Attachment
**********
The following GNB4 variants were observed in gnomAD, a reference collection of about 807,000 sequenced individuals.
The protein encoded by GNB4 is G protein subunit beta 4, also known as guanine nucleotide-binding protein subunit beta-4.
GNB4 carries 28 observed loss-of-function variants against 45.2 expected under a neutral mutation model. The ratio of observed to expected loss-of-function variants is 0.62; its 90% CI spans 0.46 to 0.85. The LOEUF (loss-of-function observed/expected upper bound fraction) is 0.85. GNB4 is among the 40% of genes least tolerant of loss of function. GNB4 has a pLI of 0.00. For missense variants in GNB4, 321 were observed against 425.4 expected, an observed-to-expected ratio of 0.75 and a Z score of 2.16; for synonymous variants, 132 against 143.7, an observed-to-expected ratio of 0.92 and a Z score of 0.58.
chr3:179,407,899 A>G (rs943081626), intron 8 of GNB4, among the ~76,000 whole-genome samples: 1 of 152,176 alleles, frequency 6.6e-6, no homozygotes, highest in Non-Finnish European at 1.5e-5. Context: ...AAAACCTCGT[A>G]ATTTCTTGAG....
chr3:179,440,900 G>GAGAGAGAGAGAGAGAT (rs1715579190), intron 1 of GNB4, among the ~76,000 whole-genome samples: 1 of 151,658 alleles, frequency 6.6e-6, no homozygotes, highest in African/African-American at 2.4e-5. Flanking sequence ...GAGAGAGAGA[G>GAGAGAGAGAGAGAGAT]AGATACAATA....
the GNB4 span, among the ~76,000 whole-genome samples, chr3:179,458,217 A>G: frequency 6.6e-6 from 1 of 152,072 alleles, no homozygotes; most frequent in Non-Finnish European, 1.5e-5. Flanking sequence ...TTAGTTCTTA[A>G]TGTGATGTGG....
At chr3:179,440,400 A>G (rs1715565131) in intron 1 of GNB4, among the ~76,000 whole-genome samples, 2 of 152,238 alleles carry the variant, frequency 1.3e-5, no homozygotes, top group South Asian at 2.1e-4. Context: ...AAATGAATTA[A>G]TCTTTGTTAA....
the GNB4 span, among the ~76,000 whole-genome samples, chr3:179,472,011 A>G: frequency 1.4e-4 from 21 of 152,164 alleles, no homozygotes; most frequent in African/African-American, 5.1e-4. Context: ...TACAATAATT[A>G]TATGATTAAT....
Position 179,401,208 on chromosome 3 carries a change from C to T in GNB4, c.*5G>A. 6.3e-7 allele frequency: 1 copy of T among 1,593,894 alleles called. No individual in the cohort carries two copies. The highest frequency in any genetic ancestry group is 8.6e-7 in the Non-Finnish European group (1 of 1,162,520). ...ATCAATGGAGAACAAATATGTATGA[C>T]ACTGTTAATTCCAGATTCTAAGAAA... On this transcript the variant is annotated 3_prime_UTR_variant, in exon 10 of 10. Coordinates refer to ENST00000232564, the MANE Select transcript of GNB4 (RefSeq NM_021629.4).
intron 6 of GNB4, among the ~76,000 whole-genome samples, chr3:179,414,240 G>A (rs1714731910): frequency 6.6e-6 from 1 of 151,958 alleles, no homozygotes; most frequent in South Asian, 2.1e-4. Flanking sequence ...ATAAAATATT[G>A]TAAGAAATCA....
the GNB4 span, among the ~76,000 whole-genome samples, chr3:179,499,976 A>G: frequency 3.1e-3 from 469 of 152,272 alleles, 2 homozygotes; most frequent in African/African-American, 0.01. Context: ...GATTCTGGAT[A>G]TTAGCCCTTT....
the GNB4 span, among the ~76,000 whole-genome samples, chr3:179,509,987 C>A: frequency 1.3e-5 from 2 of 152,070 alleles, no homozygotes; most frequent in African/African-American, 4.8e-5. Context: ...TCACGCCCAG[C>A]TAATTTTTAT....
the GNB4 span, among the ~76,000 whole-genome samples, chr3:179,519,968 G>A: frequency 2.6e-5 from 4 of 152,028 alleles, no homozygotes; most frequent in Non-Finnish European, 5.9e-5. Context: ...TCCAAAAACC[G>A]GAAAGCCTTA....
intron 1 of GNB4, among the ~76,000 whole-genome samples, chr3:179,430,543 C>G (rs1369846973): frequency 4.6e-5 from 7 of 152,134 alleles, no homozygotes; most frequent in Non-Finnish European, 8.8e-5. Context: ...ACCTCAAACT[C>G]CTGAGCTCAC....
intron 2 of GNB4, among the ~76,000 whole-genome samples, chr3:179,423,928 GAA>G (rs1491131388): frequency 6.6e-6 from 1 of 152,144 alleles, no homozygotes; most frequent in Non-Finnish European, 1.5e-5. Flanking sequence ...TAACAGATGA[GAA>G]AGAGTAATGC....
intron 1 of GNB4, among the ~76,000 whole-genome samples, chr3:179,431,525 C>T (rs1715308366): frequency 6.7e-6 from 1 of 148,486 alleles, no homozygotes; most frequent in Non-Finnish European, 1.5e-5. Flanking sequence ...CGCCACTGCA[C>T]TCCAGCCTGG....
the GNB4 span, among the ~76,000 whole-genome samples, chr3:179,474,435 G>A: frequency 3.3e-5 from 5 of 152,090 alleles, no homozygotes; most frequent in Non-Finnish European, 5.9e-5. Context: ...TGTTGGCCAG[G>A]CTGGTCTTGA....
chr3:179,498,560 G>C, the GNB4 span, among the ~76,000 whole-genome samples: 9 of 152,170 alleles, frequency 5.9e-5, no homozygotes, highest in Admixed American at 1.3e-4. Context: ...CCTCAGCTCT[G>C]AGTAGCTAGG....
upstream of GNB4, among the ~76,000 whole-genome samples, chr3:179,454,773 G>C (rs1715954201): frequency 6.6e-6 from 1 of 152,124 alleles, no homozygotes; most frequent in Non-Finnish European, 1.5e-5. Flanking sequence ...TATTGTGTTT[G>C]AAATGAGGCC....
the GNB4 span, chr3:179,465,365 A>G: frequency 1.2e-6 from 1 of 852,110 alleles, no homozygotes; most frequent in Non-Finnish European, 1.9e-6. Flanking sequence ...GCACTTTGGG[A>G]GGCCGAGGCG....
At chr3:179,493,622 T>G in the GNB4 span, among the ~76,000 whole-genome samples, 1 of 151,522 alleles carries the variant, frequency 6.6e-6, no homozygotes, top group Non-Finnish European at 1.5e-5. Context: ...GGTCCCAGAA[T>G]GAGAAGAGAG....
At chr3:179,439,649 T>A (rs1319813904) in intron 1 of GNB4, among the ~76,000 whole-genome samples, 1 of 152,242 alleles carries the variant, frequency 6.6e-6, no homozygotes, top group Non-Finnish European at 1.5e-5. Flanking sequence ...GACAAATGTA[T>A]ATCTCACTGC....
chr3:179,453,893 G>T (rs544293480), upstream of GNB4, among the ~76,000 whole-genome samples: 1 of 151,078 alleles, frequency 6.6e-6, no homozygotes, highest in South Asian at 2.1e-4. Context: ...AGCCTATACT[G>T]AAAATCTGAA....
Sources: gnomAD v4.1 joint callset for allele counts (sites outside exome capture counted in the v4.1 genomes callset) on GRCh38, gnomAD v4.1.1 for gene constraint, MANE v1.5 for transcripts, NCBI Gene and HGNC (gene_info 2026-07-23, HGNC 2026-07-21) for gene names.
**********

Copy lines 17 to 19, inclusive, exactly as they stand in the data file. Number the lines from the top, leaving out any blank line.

the GNB4 span, among the ~76,000 whole-genome samples, chr3:179,474,435 G>A: frequency 3.3e-5 from 5 of 152,090 alleles, no homozygotes; most frequent in Non-Finnish European, 5.9e-5. Context: ...TGTTGGCCAG[G>A]CTGGTCTTGA....
chr3:179,498,560 G>C, the GNB4 span, among the ~76,000 whole-genome samples: 9 of 152,170 alleles, frequency 5.9e-5, no homozygotes, highest in Admixed American at 1.3e-4. Context: ...CCTCAGCTCT[G>C]AGTAGCTAGG....
upstream of GNB4, among the ~76,000 whole-genome samples, chr3:179,454,773 G>C (rs1715954201): frequency 6.6e-6 from 1 of 152,124 alleles, no homozygotes; most frequent in Non-Finnish European, 1.5e-5. Flanking sequence ...TATTGTGTTT[G>C]AAATGAGGCC....